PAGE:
Enfilade

NMWA’s Comprehensive Renovation To Begin in August

Posted in museums, on site by Editor on May 21, 2021

National Museum of Women in the Arts, Exterior, 13th Street and New York Avenue sides, Washington, D.C.
(Photo by Thomas H. Field, September 2008)

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From the museum’s press release (17 May 2021) . . .

Upgrades to historic building will enhance exhibition galleries, programming, scholarship, and accessibility and improve visitor experience.

The National Museum of Women in Arts (NMWA), the world’s only major museum solely dedicated to championing women artists, announces a plan for the comprehensive renovation of the museum’s historic building at 1250 New York Avenue, NW, in Washington, D.C. State-of-the-art upgrades to the museum’s home, a 1908 Classical Revival structure listed on the National Register of Historic Places, will expand NMWA’s exhibition space and enhance its programming, strengthening its work for years to come. The plan requires the building to close to the public beginning 9 August 2021. Construction will commence on 1 September 2021 and will be completed in approximately two years.

The building’s first full renovation since 1987, the $66 million project will honor the structure’s history while improving its interior spaces, mechanical systems, and exterior envelope. The long-planned updates include enlarged gallery space to showcase historic and contemporary artworks and installations; a new destination for researchers and education programs; and enhanced amenities and accessibility for visitors. Infrastructure and storage upgrades will bolster the long-term conservation and security of the museum’s collection of more than 5,500 works.

“From its home in the nation’s capital, NMWA has given deserved prominence to groundbreaking women artists of the past and present for nearly 35 years, but the goal of equity for women through excellence in the arts has yet to be achieved,” said NMWA Director Susan Fisher Sterling. “This renovation will ensure that the museum continues to promote the contributions of women artists in ways that engage audiences and advocates of tomorrow. Thanks to our founder Wilhelmina Cole Holladay and her husband Wallace—whose bold and ambitious vision led them to collect art by women and create a museum for its permanent display—our building is the center of a worldwide movement that champions women in, and through, the arts.”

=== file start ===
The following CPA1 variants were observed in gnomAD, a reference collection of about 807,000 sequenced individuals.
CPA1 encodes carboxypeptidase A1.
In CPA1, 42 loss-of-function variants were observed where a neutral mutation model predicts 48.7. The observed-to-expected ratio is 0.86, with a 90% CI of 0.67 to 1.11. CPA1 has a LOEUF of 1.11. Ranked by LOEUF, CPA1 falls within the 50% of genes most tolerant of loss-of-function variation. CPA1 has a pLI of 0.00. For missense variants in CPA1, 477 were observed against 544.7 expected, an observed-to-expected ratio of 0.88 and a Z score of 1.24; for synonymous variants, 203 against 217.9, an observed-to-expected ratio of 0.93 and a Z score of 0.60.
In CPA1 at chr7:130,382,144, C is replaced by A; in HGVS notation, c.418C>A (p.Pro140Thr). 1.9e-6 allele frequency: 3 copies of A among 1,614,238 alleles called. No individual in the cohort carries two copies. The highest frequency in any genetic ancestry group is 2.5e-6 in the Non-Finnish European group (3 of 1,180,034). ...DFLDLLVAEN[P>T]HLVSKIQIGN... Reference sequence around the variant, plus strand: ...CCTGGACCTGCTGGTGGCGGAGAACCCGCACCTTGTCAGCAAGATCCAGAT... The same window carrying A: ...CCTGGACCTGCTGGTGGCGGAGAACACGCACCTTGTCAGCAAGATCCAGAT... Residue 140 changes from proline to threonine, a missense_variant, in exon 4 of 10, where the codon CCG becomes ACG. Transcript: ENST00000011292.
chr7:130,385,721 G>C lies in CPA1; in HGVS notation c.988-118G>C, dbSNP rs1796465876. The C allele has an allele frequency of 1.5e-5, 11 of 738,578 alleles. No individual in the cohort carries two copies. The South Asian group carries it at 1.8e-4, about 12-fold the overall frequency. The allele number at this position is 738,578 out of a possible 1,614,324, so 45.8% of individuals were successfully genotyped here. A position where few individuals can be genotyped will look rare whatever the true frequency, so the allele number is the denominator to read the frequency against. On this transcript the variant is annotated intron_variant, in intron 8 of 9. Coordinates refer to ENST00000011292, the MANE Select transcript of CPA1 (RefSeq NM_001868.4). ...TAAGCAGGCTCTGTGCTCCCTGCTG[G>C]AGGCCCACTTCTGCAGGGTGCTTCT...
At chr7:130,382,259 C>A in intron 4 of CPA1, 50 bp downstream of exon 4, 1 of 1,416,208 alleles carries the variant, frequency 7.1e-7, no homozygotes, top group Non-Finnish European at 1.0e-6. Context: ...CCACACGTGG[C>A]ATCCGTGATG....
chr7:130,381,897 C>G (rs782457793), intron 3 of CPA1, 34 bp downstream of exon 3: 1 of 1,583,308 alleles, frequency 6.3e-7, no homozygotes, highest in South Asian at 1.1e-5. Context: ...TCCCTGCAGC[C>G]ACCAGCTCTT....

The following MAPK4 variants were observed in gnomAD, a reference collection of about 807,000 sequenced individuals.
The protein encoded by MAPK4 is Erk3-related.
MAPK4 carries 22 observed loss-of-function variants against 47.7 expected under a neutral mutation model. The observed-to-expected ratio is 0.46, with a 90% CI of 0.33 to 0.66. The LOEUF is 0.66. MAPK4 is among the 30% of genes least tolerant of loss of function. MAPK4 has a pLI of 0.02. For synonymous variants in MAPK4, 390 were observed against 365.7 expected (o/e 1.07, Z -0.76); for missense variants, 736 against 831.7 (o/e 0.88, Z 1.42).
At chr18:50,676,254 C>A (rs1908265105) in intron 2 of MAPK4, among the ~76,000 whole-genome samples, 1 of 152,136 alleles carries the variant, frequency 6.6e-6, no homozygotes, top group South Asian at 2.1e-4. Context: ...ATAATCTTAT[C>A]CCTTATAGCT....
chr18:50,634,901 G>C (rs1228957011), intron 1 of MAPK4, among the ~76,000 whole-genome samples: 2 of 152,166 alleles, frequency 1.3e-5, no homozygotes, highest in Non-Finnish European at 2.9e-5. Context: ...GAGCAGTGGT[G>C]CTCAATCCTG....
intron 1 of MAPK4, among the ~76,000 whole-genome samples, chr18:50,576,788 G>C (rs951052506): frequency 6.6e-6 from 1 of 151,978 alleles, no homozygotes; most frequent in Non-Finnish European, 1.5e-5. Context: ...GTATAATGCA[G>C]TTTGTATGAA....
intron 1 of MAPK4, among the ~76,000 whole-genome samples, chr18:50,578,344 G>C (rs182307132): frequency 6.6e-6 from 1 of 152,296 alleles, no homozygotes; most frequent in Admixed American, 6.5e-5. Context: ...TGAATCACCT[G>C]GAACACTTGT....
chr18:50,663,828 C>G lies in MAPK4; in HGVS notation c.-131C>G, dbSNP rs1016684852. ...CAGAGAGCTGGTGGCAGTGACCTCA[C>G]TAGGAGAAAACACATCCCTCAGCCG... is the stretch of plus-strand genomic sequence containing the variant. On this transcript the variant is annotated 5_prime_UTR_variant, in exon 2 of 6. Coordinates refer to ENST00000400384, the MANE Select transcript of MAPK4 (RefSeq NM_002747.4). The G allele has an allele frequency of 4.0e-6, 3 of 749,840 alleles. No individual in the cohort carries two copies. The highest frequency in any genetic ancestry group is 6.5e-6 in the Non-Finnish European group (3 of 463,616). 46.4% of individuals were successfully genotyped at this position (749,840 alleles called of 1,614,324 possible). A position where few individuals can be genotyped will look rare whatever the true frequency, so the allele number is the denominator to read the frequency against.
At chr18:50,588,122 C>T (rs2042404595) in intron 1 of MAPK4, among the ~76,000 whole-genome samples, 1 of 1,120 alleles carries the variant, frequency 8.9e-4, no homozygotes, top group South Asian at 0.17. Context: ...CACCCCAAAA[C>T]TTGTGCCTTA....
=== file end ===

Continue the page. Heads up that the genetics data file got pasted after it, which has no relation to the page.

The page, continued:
Beginning in 2015, NMWA undertook a rigorous assessment of the historic building and created an extensive plan for renovations that apply recent advances in engineering, building codes, and sustainability. The Baltimore-based architectural firm Sandra Vicchio & Associates was chosen to lead the project.

“It is a majestic structure—timeless and beautiful,” said Vicchio. “To protect the collection and enable NMWA to educate and engage the world more effectively, we must upgrade the building’s envelope, improve the performance of its systems, and make better use of its interior space. Revitalizing the building is all about positioning the museum for a triumphant future.”

Learning Commons, National Museum of Women in the Arts Renovation Project
(Rendering by Sandra Vicchio & Associates, LLC, with Marshall Craft Associates, Inc.)

The renovation project at NMWA will include
• Transforming the building to provide easier access for all visitors, with upgraded technologies and amenities as well as improved ADA accessibility
• Dedicating a new orientation gallery in the Great Hall that welcomes visitors, introduces the museum’s mission, and tells stories of women artists
• Renovating and enlarging galleries to accommodate historic and contemporary artworks and multifaceted installations